Got a girl with a planet-first approach? Good on you! We love that these regular flow tampons contain no nasties, no perfumes, dyes, and chlorine bleaching, responsibly sourced cotton, and a plant-based applicator. Definitely include these when you are seeking the perfect tampon brand for your tween.
U by Kotex Click Compact tampons are a good starting point for any tween or teen. These applicator tampons will ease their journey into womanhood with their easy applicator system. Simply pull the lower end once comfortably in place, they’ll expand to a regular-sized tampon.
OB Organic can be a popular choice for beginners as they tend to be a little smaller than other brands, though the lightest flow their organics range covers are regular. Free from perfumes and dyes and complete with applicators from renewable resources, we’d certainly strongly consider this in your tween’s tampon repertoire.
If you’re seeking something even smaller to start, try OB Pro Comfort Minis (no applicator).
The band name may not be as well known, but if it’s a variety you’re after to test out her flow size and get her used to the tampon insertion process, Cora is a great starting point for a tween. These organic tampons come with an applicator and three different sizes for throughout her period, but definitely start with the lite; the supers can be intimidating.
Don’t Forget a Tampon Carry Pouch!
Unfortunately, periods can start anywhere, any time (even if you use a period app). Your tween will undoubtedly find she needs to deal with her periods while out of the house. A cute and discreet tampon purse is a must for her sanitary items. Here are a few ideas to try:
More Frequently Asked Questions About Tweens and Tampons
If you go swimming without feminine hygiene products, the water pressure can temporarily slow your flow but not completely stop it. The only way to be fully protected against leaks while swimming is by using a tampon or a menstrual cup. You should, however, explore with your daughter the added protection she can get from using period swimwear.
If they are inserted correctly, a tampon should not hurt to use. It may take a little practice for your tween to correctly position her tampon to not feel any pain or discomfort. If she’s in pain, the tampon should be removed immediately.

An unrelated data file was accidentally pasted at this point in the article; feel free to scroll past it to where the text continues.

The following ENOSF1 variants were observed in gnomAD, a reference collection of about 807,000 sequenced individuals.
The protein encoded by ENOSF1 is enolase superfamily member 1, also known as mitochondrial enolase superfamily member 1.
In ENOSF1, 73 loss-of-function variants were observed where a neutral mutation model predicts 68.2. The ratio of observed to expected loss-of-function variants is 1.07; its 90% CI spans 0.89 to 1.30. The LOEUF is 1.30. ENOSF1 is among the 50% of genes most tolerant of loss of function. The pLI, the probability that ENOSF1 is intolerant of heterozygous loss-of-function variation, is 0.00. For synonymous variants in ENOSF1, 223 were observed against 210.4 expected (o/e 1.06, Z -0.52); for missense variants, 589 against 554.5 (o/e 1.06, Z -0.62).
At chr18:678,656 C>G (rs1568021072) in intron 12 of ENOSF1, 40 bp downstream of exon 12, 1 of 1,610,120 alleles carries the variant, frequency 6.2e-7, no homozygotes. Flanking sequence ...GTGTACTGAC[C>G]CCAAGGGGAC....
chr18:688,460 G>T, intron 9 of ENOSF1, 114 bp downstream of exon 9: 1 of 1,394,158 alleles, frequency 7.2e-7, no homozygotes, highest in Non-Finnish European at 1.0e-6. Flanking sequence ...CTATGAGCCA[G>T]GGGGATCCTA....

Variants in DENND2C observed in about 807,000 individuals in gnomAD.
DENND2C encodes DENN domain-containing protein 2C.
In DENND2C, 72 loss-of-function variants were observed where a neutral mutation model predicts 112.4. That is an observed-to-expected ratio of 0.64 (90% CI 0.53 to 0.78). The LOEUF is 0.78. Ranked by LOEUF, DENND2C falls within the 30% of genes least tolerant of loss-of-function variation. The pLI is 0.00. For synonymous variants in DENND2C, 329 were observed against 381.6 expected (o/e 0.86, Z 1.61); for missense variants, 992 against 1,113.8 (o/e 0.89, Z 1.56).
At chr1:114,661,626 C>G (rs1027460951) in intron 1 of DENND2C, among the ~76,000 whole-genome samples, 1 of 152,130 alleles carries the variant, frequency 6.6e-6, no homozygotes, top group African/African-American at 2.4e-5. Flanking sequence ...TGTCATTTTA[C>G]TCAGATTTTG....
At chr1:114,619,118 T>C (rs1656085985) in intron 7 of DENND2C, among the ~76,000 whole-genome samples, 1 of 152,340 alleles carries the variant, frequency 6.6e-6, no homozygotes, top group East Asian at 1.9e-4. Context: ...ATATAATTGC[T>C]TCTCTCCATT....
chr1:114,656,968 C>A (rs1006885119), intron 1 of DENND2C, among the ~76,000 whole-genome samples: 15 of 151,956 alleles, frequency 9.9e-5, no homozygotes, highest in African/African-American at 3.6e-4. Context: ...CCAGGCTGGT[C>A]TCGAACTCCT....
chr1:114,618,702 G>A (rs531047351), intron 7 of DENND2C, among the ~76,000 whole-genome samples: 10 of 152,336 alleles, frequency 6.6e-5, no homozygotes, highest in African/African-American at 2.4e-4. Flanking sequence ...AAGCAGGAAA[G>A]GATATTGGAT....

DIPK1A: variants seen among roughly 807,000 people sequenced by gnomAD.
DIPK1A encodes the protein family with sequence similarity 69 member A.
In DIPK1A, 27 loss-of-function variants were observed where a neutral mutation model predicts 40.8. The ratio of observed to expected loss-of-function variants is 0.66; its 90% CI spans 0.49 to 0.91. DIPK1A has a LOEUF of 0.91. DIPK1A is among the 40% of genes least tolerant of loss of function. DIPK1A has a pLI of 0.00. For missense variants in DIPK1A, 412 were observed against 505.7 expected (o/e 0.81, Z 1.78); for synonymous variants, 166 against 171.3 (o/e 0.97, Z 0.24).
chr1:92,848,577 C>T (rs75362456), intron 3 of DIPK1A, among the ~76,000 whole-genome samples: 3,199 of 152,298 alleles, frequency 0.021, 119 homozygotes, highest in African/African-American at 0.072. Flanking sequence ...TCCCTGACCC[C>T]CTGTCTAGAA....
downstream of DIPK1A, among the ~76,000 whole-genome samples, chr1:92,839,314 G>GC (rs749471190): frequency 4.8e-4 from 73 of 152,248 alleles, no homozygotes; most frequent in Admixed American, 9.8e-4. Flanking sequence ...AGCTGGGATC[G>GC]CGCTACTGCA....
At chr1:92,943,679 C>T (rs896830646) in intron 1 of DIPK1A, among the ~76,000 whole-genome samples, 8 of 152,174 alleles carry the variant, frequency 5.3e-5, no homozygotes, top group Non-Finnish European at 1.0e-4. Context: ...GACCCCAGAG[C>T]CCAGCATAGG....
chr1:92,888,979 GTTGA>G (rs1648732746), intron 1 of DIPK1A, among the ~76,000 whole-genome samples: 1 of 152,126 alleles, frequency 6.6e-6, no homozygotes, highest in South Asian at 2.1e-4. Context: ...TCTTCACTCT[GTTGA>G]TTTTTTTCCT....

There’s no recommended youngest age to start using tampons, be gauged by your girl’s willingness to try and maturity to correctly use a tampon with hygiene in mind.
Using a tampon can stretch the hymen but won’t tear it. It’s important to note that you can only “lose your virginity” by sexual activity. In some social settings, the breaking of the hymen is seen as a sign of sexual activity, but the hymen can tear at any time, even through sports and activities.
Yes, if they are comfortable with how to insert a tampon, understand the correct hygiene methods for inserting and removing it. They must remember to change their tampon regularly, then can commence using tampons as soon as they get their period.
Organizing your tween with her first period kit might feel like the easy part, but getting to a brand and fit of tampon that’s perfect for her is entirely another challenge.
We hope this tween tampon guide has helped you find the perfect fit for your girl or at least prepared you and her with the facts you need for this important moment in her life.
Let us know in the comments below if you’ve found the perfect fit for your pre-teen!
You May Like to Read Next
Helping you through the challenges that can arise in the tween parenting years, you may want to read next:
- Helping Your Daughter Choose Her First Bra
- How to Deal With Tween Girl Hair Removal
- Discussing Skin Care With Tweens And The Best Cleanser Products
- Explaining Periods To Tween Boys
- The Best Health Websites Aimed at Tweens